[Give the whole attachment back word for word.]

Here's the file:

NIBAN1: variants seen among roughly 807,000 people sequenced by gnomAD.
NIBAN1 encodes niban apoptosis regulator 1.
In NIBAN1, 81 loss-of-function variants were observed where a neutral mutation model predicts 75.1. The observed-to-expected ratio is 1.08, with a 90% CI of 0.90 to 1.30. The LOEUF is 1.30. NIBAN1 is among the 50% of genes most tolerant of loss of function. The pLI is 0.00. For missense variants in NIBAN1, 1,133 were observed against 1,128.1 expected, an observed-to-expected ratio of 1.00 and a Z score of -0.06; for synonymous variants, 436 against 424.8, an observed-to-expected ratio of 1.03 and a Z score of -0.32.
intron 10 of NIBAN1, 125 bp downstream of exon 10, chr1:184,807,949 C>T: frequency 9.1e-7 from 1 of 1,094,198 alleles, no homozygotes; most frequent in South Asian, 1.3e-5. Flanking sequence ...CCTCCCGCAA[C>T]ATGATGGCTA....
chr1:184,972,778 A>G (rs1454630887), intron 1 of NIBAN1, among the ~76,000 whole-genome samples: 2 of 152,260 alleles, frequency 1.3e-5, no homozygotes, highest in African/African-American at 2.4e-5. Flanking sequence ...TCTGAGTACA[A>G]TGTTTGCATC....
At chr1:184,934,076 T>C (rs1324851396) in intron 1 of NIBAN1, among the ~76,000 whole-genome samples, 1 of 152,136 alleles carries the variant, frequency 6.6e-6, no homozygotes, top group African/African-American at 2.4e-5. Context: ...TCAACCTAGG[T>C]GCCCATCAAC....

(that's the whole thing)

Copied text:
NIBAN1: variants seen among roughly 807,000 people sequenced by gnomAD.
NIBAN1 encodes niban apoptosis regulator 1.
In NIBAN1, 81 loss-of-function variants were observed where a neutral mutation model predicts 75.1. The observed-to-expected ratio is 1.08, with a 90% CI of 0.90 to 1.30. The LOEUF is 1.30. NIBAN1 is among the 50% of genes most tolerant of loss of function. The pLI is 0.00. For missense variants in NIBAN1, 1,133 were observed against 1,128.1 expected, an observed-to-expected ratio of 1.00 and a Z score of -0.06; for synonymous variants, 436 against 424.8, an observed-to-expected ratio of 1.03 and a Z score of -0.32.
intron 10 of NIBAN1, 125 bp downstream of exon 10, chr1:184,807,949 C>T: frequency 9.1e-7 from 1 of 1,094,198 alleles, no homozygotes; most frequent in South Asian, 1.3e-5. Flanking sequence ...CCTCCCGCAA[C>T]ATGATGGCTA....
chr1:184,972,778 A>G (rs1454630887), intron 1 of NIBAN1, among the ~76,000 whole-genome samples: 2 of 152,260 alleles, frequency 1.3e-5, no homozygotes, highest in African/African-American at 2.4e-5. Flanking sequence ...TCTGAGTACA[A>G]TGTTTGCATC....
At chr1:184,934,076 T>C (rs1324851396) in intron 1 of NIBAN1, among the ~76,000 whole-genome samples, 1 of 152,136 alleles carries the variant, frequency 6.6e-6, no homozygotes, top group African/African-American at 2.4e-5. Context: ...TCAACCTAGG[T>C]GCCCATCAAC....